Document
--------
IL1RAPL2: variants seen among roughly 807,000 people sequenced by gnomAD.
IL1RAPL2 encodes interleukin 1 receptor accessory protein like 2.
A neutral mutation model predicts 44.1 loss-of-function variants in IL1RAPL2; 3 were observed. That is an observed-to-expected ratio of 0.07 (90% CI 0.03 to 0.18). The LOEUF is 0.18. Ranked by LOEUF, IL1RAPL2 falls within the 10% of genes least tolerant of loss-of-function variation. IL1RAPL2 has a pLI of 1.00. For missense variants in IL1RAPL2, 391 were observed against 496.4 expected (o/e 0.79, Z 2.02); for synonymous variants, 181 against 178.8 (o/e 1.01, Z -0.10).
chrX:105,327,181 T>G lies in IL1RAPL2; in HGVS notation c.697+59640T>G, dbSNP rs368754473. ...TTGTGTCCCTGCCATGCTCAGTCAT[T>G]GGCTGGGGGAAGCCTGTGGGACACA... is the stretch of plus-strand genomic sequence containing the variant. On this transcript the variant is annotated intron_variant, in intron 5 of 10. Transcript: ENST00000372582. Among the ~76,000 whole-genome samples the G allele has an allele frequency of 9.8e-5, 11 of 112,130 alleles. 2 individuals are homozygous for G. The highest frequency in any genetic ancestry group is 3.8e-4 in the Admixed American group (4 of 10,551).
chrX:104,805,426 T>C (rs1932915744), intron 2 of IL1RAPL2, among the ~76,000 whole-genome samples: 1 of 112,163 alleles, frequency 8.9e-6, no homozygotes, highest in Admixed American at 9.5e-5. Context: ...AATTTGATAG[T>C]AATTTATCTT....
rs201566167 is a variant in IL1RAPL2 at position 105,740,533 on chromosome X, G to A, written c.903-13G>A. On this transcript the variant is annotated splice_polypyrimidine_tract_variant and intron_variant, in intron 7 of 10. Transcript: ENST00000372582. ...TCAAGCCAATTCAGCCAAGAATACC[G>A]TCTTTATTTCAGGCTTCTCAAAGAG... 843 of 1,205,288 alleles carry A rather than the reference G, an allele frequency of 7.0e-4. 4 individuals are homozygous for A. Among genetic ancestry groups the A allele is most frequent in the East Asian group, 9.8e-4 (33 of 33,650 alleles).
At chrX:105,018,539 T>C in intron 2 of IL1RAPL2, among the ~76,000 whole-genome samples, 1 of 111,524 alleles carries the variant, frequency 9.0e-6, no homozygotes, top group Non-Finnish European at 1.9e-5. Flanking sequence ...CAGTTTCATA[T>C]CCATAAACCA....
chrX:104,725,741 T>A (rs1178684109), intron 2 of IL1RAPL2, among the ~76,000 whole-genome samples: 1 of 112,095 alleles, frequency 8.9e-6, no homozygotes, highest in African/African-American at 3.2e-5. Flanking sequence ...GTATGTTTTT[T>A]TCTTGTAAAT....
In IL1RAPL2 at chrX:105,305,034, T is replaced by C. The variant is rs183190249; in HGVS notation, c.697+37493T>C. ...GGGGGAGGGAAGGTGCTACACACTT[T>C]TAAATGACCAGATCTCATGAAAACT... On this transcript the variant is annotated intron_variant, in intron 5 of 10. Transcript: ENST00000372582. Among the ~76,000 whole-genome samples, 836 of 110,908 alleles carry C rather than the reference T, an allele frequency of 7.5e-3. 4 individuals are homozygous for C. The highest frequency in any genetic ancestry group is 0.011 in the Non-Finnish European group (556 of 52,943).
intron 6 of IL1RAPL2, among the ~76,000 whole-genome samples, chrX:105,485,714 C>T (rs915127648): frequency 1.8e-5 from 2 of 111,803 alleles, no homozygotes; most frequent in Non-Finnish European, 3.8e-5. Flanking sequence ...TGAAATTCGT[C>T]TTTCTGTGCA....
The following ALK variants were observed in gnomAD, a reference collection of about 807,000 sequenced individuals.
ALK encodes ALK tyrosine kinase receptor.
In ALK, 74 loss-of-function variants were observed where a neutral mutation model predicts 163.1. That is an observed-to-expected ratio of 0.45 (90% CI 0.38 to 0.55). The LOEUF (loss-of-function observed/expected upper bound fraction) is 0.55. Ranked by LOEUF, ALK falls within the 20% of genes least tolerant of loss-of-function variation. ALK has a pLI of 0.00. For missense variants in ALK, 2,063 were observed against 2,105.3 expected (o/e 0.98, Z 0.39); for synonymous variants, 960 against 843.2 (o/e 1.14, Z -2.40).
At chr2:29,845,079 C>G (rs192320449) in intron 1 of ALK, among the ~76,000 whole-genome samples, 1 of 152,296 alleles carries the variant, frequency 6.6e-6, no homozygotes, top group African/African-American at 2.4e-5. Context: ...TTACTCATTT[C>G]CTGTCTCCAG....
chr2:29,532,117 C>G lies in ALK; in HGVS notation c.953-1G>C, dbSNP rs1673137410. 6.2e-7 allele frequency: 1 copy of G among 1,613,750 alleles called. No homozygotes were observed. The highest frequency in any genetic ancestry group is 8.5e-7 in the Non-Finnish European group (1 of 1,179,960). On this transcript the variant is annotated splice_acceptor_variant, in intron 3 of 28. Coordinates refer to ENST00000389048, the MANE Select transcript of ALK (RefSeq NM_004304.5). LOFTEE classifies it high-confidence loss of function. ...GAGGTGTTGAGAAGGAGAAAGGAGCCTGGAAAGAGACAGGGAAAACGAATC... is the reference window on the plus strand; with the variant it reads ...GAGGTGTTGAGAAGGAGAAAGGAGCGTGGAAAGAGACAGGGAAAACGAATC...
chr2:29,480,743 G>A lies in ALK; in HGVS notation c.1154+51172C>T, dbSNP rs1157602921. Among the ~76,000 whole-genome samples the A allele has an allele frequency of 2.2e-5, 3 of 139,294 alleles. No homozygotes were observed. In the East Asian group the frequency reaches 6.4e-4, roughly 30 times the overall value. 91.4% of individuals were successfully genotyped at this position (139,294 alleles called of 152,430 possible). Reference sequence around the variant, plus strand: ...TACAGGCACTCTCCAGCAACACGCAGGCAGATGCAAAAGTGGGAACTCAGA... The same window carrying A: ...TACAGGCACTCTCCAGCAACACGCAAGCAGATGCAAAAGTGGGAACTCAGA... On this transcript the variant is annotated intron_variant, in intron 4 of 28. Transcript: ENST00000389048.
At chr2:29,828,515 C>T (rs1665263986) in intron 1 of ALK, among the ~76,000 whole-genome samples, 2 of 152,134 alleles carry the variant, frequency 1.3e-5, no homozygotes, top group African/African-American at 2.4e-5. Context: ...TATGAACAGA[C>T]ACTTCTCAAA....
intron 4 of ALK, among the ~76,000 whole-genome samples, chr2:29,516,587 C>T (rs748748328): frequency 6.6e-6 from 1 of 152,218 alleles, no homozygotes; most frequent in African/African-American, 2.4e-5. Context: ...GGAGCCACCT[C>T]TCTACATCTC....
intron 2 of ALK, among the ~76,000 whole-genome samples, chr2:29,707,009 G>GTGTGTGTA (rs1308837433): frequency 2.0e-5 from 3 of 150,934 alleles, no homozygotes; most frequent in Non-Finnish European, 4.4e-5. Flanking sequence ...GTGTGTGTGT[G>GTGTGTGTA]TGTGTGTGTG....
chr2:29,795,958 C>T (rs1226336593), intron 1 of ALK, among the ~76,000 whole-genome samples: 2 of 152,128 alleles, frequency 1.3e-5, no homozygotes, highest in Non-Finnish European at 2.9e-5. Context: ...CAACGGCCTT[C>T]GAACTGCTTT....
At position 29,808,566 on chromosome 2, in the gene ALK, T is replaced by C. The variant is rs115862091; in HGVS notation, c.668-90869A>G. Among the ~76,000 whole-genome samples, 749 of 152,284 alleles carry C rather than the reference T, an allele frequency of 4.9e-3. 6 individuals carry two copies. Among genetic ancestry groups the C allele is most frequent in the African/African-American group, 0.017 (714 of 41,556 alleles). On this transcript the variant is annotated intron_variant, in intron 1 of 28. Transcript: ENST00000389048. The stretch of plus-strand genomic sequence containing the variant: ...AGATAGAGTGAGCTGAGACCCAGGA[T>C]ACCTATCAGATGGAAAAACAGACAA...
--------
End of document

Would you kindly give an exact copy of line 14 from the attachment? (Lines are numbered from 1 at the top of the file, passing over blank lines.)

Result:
At chr2:29,845,079 C>G (rs192320449) in intron 1 of ALK, among the ~76,000 whole-genome samples, 1 of 152,296 alleles carries the variant, frequency 6.6e-6, no homozygotes, top group African/African-American at 2.4e-5. Context: ...TTACTCATTT[C>G]CTGTCTCCAG....